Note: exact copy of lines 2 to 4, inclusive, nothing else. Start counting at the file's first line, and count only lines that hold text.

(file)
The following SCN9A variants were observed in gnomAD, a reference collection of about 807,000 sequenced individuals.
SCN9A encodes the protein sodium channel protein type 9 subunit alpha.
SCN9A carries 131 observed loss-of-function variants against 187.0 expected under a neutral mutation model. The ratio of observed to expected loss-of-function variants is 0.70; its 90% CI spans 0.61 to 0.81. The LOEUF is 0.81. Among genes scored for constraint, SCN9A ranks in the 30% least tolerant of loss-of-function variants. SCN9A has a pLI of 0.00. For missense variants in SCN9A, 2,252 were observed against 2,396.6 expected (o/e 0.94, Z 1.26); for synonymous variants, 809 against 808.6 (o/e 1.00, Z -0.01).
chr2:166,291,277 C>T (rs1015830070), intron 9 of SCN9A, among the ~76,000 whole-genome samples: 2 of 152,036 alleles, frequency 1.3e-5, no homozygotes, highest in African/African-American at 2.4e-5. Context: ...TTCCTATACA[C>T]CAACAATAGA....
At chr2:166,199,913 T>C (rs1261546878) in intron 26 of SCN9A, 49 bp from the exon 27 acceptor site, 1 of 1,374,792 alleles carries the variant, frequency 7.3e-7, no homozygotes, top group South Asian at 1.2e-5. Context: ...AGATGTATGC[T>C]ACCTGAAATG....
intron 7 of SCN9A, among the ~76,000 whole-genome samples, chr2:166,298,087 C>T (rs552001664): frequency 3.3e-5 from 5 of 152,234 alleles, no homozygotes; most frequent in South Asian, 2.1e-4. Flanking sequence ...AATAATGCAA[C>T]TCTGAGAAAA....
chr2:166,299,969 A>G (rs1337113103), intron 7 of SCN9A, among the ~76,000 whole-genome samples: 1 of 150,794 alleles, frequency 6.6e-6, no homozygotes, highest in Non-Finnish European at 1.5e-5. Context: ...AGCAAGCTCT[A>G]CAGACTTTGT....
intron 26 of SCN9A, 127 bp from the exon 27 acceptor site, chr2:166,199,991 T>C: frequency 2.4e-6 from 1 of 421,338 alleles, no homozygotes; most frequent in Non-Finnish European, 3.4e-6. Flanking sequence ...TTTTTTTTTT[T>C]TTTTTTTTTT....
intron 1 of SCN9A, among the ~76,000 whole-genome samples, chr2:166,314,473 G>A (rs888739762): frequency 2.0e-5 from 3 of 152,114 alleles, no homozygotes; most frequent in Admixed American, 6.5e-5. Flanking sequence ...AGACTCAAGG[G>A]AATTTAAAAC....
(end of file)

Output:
SCN9A encodes the protein sodium channel protein type 9 subunit alpha.
SCN9A carries 131 observed loss-of-function variants against 187.0 expected under a neutral mutation model. The ratio of observed to expected loss-of-function variants is 0.70; its 90% CI spans 0.61 to 0.81. The LOEUF is 0.81. Among genes scored for constraint, SCN9A ranks in the 30% least tolerant of loss-of-function variants. SCN9A has a pLI of 0.00. For missense variants in SCN9A, 2,252 were observed against 2,396.6 expected (o/e 0.94, Z 1.26); for synonymous variants, 809 against 808.6 (o/e 1.00, Z -0.01).
chr2:166,291,277 C>T (rs1015830070), intron 9 of SCN9A, among the ~76,000 whole-genome samples: 2 of 152,036 alleles, frequency 1.3e-5, no homozygotes, highest in African/African-American at 2.4e-5. Context: ...TTCCTATACA[C>T]CAACAATAGA....